Scanned image on disk. [1987EtSS.........0L], plate 56.
Journal BAA, 36(3), Dec, p91.
"is probably the largest gaseous nebula know .. Shapley stars that if this nebula were situated in the position of M42 in the constellation of Orion (most of which it would apparently fill) 'it would have an integrated apparent magnitude of -7.5, and consequetly would cast strnog shadows on the surface of the Earth."
"neb and cluster, *s inv in B irregular neb; LMC 30 Dor."
Bailey, S.I. (1908) A catalogue of bright stars and nebulae. Ann.Harv.Coll.Obs., 60(8), 199.
Remarks, p.217: "a remarkable object. the spectrum is gaseous. See Remark on NGC 346. Many of the nebulous clusters or stars involved ni nebulae, in the Magellanic Clouds, resember 2070, but no other is as bright and many are extremely faint."
The nebula and cluster lie within the LMC O-association No. 100; the brightest star in the cluster is 11.7 mag. (Hodge, P.W. and Lucke, P.B., Astronomical Journal, Vol 75, No. 8, 1970, p933-937).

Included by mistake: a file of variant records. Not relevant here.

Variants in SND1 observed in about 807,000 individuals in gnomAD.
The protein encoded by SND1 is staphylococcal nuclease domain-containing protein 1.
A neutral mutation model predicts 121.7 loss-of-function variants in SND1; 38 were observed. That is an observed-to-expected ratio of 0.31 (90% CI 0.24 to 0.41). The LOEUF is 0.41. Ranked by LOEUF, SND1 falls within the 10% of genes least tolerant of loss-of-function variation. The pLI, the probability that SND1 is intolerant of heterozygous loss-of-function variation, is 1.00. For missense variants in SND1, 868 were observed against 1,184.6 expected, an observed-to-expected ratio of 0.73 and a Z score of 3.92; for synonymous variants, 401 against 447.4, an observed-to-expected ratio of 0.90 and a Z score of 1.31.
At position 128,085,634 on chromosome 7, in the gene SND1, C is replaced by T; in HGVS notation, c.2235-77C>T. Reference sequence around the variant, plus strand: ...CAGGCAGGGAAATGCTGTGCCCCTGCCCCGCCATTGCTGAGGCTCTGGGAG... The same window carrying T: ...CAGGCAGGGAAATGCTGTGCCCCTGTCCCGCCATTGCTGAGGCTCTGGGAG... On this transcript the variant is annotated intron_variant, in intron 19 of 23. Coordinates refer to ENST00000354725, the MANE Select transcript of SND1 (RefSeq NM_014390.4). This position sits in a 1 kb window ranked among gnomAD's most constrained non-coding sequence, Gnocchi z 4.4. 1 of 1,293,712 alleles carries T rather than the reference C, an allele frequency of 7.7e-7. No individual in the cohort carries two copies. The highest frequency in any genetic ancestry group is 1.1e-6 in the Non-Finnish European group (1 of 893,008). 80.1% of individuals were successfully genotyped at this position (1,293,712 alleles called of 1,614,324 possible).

(Catalogues of Hydrogen Alpha Emission Stars and Nebulae in the Magellanic Clouds, Astrophysical Journal Supplement 2, 1956, p315) notes that his nebula LH N 120-157A is NGC 2070, which is equivalent to HD 38268 Pd. Henize's nebula includes NGC 2069. He describes 157A as measuring 15.4' x 17.7' (east-west by north-south), round with a considerably irregular outline and showing marked structural detail.
("A Catalogue of Clusters in the Large Magellanic Cloud", Irish Astronomical Journal, Vol. 6, 1963) give the dimensions as 5.7' x 4.5' and remark "bright scattered stars in Tarantula nebula."